Child protection services review leads to training revamp

Training for front-line workers and managers across the health and social care system is to be revamped following a wide-ranging review into child protection services.


A report by Lord Laming called for a “step change in leadership and practice” to help protect children from harm as he published his report into how children’s services have progressed since 2004.


Laming’s review into services in England found reforms brought in after the death of Victoria Climbie in 2000 have not been properly implemented. The peer led the Climbie inquiry and reviewed progress after Baby P’s death in Haringey.


The report recommends:




  • A major change in the training and professional development of social workers, including a greater focus on practical skills and specialist training at the end of the first year of study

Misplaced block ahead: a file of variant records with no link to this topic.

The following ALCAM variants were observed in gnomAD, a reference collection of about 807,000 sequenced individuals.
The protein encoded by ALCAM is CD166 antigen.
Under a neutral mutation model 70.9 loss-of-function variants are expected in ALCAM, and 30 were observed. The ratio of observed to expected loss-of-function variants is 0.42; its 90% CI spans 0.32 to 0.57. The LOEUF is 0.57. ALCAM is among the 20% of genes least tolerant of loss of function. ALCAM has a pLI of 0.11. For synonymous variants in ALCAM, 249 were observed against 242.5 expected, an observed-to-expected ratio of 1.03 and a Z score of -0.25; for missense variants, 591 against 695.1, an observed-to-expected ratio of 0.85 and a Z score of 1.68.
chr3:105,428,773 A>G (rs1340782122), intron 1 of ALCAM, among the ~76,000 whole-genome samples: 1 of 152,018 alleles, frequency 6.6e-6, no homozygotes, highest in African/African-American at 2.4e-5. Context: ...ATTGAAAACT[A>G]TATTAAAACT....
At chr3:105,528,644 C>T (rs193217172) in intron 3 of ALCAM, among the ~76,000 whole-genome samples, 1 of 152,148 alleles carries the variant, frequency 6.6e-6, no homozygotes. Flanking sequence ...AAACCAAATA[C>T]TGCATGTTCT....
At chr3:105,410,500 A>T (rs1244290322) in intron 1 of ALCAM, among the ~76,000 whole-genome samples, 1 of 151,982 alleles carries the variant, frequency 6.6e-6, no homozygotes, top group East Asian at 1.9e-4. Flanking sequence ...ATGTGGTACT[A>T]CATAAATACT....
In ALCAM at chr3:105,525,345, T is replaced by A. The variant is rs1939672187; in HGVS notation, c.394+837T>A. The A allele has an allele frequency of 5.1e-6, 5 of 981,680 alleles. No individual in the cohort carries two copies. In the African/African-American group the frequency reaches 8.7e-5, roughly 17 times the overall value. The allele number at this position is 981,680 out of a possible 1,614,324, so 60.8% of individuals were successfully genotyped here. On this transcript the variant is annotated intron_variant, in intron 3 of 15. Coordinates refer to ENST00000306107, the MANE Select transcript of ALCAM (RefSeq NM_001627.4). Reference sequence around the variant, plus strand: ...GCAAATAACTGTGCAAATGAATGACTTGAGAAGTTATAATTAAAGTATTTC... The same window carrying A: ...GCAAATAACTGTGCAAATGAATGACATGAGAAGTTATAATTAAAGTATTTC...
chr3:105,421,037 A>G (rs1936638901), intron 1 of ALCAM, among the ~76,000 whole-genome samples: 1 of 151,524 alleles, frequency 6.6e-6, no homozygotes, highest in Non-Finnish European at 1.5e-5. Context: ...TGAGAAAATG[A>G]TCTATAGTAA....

• Department of Health to prioritise recruiting and training more health visitors to support very young children


  • The staffing, training and status of police child protection teams should be addressed by the Home Office


  • Management training for key personnel in all of the main services


  • Systems put in place to ensure that GPs and accident and emergency staff have the right information and training to identify and protect a child they fear may be at risk


  • A greater focus on the skills and experience of inspectors who evaluate front-line services which aim to keep children safe.

Laming said: “I am convinced that with vision and ambition more can be done. That is why the recommendations I am making today herald the need for step change in expertise and leadership for front-line workers, backed up with commitments from government and other national bodies to drive this change forward.”


Children’s secretary Ed Balls has accepted all the recommendations and will produce an action plan in April.

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